Lietuvos mokslo istorikų ir filosofų bendrija

The 29th Baltic Conference on the History of Science

Konferencija Scientia et historia – 2021

Konferencija Scientia et historia – 2020

Konferencija Scientia et historia – 2019

Konferencija Scientia et historia – 2018

Konferencija Scientia et historia – 2017

Konferencija Scientia et historia – 2016

The 29th Baltic Conference on the History of Science, Vilnius


Pauls Stradiņš Museum of the History of Medicine, Riga (Latvia)


Faculty Members of the Department of Medicine at the University of Latvia during World War I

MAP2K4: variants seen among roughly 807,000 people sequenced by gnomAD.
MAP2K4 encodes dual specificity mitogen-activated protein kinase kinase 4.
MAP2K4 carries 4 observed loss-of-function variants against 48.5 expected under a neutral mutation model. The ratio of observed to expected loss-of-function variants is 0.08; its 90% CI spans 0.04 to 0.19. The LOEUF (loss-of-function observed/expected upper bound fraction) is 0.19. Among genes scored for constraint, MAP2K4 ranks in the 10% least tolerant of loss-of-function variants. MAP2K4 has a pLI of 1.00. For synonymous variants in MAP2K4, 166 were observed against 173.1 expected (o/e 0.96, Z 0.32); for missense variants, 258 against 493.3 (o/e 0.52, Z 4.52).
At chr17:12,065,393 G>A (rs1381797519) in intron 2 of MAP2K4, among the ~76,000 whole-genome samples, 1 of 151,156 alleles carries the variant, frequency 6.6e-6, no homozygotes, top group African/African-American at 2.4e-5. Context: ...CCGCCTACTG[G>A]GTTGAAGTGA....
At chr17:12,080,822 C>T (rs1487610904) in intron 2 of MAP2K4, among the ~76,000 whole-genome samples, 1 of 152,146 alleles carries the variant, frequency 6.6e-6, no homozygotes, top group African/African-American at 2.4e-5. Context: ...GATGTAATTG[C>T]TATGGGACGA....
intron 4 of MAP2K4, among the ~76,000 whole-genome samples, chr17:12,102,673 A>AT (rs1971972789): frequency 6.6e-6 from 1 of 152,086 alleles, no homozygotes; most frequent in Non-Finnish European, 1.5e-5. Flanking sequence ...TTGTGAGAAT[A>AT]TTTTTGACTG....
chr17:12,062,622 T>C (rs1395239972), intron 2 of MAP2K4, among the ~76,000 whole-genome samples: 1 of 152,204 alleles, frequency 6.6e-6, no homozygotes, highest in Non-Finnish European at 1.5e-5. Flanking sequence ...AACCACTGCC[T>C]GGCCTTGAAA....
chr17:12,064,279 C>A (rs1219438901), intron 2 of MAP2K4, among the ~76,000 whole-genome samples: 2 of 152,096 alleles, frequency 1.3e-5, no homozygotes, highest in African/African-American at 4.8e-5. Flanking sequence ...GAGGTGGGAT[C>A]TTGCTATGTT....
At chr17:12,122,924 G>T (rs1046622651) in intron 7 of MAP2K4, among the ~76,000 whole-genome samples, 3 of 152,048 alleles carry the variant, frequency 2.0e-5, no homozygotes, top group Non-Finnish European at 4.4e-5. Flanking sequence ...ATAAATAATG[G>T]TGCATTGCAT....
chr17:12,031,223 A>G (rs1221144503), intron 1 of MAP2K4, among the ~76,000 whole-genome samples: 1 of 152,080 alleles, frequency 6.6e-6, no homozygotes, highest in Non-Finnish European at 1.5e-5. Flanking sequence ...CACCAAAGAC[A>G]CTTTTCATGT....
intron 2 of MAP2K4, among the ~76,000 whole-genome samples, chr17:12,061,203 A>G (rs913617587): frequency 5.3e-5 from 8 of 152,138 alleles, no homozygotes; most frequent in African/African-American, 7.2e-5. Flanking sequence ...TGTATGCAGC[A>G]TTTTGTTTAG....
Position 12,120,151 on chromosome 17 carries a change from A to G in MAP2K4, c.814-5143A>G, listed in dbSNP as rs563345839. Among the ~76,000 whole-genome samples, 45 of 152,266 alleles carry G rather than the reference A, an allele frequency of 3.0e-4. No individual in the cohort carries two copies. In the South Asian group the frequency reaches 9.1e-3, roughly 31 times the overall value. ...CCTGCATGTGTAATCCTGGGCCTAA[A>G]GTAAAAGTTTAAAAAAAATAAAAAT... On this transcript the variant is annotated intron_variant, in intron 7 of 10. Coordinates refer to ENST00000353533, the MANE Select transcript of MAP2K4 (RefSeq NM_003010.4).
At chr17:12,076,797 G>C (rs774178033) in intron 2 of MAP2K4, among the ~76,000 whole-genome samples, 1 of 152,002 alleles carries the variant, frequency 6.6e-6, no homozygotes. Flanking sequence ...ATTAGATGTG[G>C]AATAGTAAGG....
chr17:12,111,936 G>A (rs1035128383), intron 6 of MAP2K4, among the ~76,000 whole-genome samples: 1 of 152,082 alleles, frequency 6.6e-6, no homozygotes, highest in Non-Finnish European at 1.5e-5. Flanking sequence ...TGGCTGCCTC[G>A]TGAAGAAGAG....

A great many people who would go on to become medical faculty members at the University of Latvia were drafted into the army during World War I. The university was established in 1919, which means that before then most of these people worked either in private practice, hospitals, private clinics or as physicians for various organizations. Some, like Mārtiņš Zīle (1863–1945) and Roberts Krimbergs (1874–1941), taught at other universities, medical institutes or institutions in the Russian Empire. Some were still children or elementary or high school students – Pauls Stradiņš (1896–1958) and Aleksandrs Bieziņš (1897–1975). There have been no major studies of the work of the medical faculty during World War I. Most studies of the medical faculty members have focused on their research and scholarly work as instructors at various universities, institutes or institutions. Medical historian Arnis Vīksna (1942–2018) has written that more than 150 faculty members who had worked at the University of Latvia between 1919 and 1950 were drafted into the army as doctors or medical students. More than 50 individuals, including Ksenija Skulme (1893–1967) and Austra Bebre (1892–1965) were mobilized as nurses. The Pauls Stradiņš Museum of the History of Medicine and several other institutions has memoirs, correspondence and other materials from the faculty members. These offer a look into the work of these people in field hospitals, treatment facilities or refugee hospitals of the Russian military during World War I. Particularly unique and seldom analyzed has been the correspondence of Kārlis Barons (1865–1944) and his family members between 1914 and 1917, when he was a doctor at a military hospital in Grodno. Professor Jēkabs Alksnis (1870–1958) and several other faculty members wrote memoirs about their work during the war.